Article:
Ghost in the Shell Review: A Lifeless, Robotic, Disrespectful Take On a Classic

Rupert Sanders’ Ghost in the Shell might just be one of the most thoughtless remakes of all time. Between blatant whitewashing, an empty script, and lackluster action, this film doesn’t deserve any of the revenue a property like this guarantees to bring in. But hey, it’s a live-action remake of a beloved classic in Japanese animation. People are going to go.

But good lord they really shouldn’t. Ghost in the Shell isn’t even the kind of bad flick that gets a sophomoric rise merely out of being so terrible. It’s dry, boring, and, at just over 100 minutes, somehow entirely too long.

The material has been altered a bit, but the basic skeleton of the story should be familiar to fans of the original. Major (Scarlett Johansson, nearly bored to tears) is the first success in transplanting a human brain into a synthetic body. Naturally, the government turned her into a killing machine. But as Major starts to question her past, with flickering visions that she shares with fellow government reject Kuze (Michael Pitt), she’s taken on a journey of self discovery that she really doesn’t seem interested in going on.

I suppose the chief problem with the film is how seriously it takes itself. The Wachowskis have gone on the record to say that the original was a huge influence on The Matrix. It shows. They share two distinct qualities. First, they both know exactly how cool they are and joyously milk it almost to the point of self parody. Second, they also both pause everything going on for extended philosophical deliberations that become essential to their respective tones. Sanders’ take does just the opposite. Gone is the philosophy, replaced with nods to Blade Runner in an effort to sell American audiences on the film. But this Ghost in the Shell has no vibe to build off of. It’s empty both whimsically and emotionally, leaving the audience as cold as Johansson’s performance.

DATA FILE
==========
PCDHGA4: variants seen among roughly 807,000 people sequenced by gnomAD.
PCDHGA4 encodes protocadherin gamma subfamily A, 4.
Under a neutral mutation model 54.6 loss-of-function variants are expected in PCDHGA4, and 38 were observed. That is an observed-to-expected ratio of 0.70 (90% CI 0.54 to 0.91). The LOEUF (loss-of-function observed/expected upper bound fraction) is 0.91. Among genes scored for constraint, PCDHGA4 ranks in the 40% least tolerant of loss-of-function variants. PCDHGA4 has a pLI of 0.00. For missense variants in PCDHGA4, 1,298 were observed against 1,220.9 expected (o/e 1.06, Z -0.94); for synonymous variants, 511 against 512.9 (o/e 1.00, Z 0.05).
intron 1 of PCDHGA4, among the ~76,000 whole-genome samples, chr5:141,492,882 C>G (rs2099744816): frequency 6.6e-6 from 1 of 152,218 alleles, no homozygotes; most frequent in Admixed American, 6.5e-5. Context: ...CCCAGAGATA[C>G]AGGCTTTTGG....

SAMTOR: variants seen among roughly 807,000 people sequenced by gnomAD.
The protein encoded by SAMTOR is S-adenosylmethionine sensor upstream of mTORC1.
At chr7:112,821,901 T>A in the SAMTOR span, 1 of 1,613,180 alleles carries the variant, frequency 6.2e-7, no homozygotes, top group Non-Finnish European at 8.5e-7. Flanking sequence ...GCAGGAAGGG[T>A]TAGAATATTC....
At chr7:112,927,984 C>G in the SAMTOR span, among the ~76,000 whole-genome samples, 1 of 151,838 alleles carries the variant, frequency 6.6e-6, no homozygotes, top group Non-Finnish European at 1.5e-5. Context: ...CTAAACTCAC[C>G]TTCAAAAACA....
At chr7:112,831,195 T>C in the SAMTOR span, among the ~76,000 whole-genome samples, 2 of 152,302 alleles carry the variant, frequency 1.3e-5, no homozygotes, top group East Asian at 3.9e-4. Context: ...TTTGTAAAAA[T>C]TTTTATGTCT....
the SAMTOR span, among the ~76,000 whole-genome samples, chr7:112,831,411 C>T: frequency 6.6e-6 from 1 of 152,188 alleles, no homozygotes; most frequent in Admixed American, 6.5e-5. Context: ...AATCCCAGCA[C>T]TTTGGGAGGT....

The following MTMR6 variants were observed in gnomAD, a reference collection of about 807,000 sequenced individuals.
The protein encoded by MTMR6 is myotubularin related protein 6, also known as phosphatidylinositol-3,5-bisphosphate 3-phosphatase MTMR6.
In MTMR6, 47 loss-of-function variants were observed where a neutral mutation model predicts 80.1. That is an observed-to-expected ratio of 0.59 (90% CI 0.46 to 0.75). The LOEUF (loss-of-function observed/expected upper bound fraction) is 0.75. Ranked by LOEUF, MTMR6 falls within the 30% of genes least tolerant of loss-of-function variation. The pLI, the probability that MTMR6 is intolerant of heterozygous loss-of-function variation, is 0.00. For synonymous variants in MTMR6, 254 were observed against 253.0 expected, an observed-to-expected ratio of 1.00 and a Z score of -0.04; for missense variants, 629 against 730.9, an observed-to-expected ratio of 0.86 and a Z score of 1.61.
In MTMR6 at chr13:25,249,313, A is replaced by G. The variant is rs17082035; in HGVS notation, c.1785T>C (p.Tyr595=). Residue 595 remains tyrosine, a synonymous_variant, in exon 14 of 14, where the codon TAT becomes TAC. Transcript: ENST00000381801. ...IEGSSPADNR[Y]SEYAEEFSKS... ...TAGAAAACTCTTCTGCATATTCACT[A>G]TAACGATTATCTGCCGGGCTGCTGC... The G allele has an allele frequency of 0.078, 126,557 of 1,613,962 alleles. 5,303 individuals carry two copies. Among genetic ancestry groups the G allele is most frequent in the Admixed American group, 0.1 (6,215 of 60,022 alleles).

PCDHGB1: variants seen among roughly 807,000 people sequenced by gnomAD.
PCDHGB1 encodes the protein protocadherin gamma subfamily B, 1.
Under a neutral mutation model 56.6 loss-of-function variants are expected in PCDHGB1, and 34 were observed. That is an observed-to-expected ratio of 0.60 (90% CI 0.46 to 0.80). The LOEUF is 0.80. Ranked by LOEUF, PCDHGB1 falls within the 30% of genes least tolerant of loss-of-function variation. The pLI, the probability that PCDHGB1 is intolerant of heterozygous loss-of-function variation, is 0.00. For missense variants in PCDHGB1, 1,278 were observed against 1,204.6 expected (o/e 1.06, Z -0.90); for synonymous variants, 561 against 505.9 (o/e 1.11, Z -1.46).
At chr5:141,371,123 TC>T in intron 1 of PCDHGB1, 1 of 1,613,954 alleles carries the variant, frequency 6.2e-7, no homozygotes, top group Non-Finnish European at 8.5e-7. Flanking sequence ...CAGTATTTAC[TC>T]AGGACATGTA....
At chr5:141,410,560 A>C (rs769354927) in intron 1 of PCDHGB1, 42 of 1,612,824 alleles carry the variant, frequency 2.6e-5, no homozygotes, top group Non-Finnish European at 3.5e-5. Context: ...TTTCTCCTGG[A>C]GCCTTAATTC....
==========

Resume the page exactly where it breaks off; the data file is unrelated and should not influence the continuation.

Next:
The Blade Runner nods end up being the only life the film really has. The production design is familiar but moody, while Clint Mansell’s score of deep thumping synths is probably the film’s best feature (has Blade Runner 2049 been scored yet? Hire Mansell, he gets it).

But in the end, these few redeeming qualities don’t even come close to making up for the long slog of weightless plot developments. Throw in some questionable casting and how ignorant the film is to the hard truth about Asians in Hollywood, and Ghost in the Shell begins to feel less harmlessly bad. What we get here can simply be qualified as a money grabbing disaster with not a second of thought put into what the original was trying to do. But that’s the bright side about bad remakes, a lot of the opportunities missed were taken and likely paid off in the original, a film audiences can revisit time and time again without giving this “attempt” a second thought. Grade: D

By Matt Dougherty

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